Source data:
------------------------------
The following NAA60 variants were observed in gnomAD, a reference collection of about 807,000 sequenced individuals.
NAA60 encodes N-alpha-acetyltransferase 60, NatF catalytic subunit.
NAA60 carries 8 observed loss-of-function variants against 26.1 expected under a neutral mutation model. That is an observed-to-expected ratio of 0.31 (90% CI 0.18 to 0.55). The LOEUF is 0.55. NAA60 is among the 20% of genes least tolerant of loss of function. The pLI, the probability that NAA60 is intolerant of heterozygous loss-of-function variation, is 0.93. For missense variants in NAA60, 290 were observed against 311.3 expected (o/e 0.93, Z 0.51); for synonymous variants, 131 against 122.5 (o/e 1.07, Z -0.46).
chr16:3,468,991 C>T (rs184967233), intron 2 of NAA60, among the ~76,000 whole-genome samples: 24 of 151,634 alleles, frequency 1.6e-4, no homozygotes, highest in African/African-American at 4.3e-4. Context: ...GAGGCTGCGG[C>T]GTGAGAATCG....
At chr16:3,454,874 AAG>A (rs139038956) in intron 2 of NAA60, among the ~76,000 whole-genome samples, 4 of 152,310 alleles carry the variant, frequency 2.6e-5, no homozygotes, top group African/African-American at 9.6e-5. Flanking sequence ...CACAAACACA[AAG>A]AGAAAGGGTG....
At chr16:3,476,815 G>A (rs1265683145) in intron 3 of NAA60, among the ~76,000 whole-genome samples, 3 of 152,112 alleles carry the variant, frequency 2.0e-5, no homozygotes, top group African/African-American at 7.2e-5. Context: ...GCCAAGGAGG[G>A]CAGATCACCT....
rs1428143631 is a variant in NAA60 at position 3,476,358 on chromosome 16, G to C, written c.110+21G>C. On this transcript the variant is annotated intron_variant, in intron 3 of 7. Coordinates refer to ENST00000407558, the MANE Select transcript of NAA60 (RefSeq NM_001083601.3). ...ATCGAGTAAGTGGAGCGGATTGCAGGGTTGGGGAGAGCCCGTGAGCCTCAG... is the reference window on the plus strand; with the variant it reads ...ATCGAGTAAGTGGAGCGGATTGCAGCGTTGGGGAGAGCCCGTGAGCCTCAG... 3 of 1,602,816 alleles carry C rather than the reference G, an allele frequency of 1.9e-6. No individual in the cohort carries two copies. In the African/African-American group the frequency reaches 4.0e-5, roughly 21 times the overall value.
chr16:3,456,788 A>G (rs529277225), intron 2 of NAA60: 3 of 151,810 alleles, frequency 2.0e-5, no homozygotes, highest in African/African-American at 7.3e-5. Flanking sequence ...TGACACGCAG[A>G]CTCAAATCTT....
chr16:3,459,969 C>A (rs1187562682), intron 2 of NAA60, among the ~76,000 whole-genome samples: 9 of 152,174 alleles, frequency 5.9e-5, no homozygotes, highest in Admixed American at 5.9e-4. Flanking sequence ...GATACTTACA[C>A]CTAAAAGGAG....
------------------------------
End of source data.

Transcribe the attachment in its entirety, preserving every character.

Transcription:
The following NAA60 variants were observed in gnomAD, a reference collection of about 807,000 sequenced individuals.
NAA60 encodes N-alpha-acetyltransferase 60, NatF catalytic subunit.
NAA60 carries 8 observed loss-of-function variants against 26.1 expected under a neutral mutation model. That is an observed-to-expected ratio of 0.31 (90% CI 0.18 to 0.55). The LOEUF is 0.55. NAA60 is among the 20% of genes least tolerant of loss of function. The pLI, the probability that NAA60 is intolerant of heterozygous loss-of-function variation, is 0.93. For missense variants in NAA60, 290 were observed against 311.3 expected (o/e 0.93, Z 0.51); for synonymous variants, 131 against 122.5 (o/e 1.07, Z -0.46).
chr16:3,468,991 C>T (rs184967233), intron 2 of NAA60, among the ~76,000 whole-genome samples: 24 of 151,634 alleles, frequency 1.6e-4, no homozygotes, highest in African/African-American at 4.3e-4. Context: ...GAGGCTGCGG[C>T]GTGAGAATCG....
At chr16:3,454,874 AAG>A (rs139038956) in intron 2 of NAA60, among the ~76,000 whole-genome samples, 4 of 152,310 alleles carry the variant, frequency 2.6e-5, no homozygotes, top group African/African-American at 9.6e-5. Flanking sequence ...CACAAACACA[AAG>A]AGAAAGGGTG....
At chr16:3,476,815 G>A (rs1265683145) in intron 3 of NAA60, among the ~76,000 whole-genome samples, 3 of 152,112 alleles carry the variant, frequency 2.0e-5, no homozygotes, top group African/African-American at 7.2e-5. Context: ...GCCAAGGAGG[G>A]CAGATCACCT....
rs1428143631 is a variant in NAA60 at position 3,476,358 on chromosome 16, G to C, written c.110+21G>C. On this transcript the variant is annotated intron_variant, in intron 3 of 7. Coordinates refer to ENST00000407558, the MANE Select transcript of NAA60 (RefSeq NM_001083601.3). ...ATCGAGTAAGTGGAGCGGATTGCAGGGTTGGGGAGAGCCCGTGAGCCTCAG... is the reference window on the plus strand; with the variant it reads ...ATCGAGTAAGTGGAGCGGATTGCAGCGTTGGGGAGAGCCCGTGAGCCTCAG... 3 of 1,602,816 alleles carry C rather than the reference G, an allele frequency of 1.9e-6. No individual in the cohort carries two copies. In the African/African-American group the frequency reaches 4.0e-5, roughly 21 times the overall value.
chr16:3,456,788 A>G (rs529277225), intron 2 of NAA60: 3 of 151,810 alleles, frequency 2.0e-5, no homozygotes, highest in African/African-American at 7.3e-5. Flanking sequence ...TGACACGCAG[A>G]CTCAAATCTT....
chr16:3,459,969 C>A (rs1187562682), intron 2 of NAA60, among the ~76,000 whole-genome samples: 9 of 152,174 alleles, frequency 5.9e-5, no homozygotes, highest in Admixed American at 5.9e-4. Flanking sequence ...GATACTTACA[C>A]CTAAAAGGAG....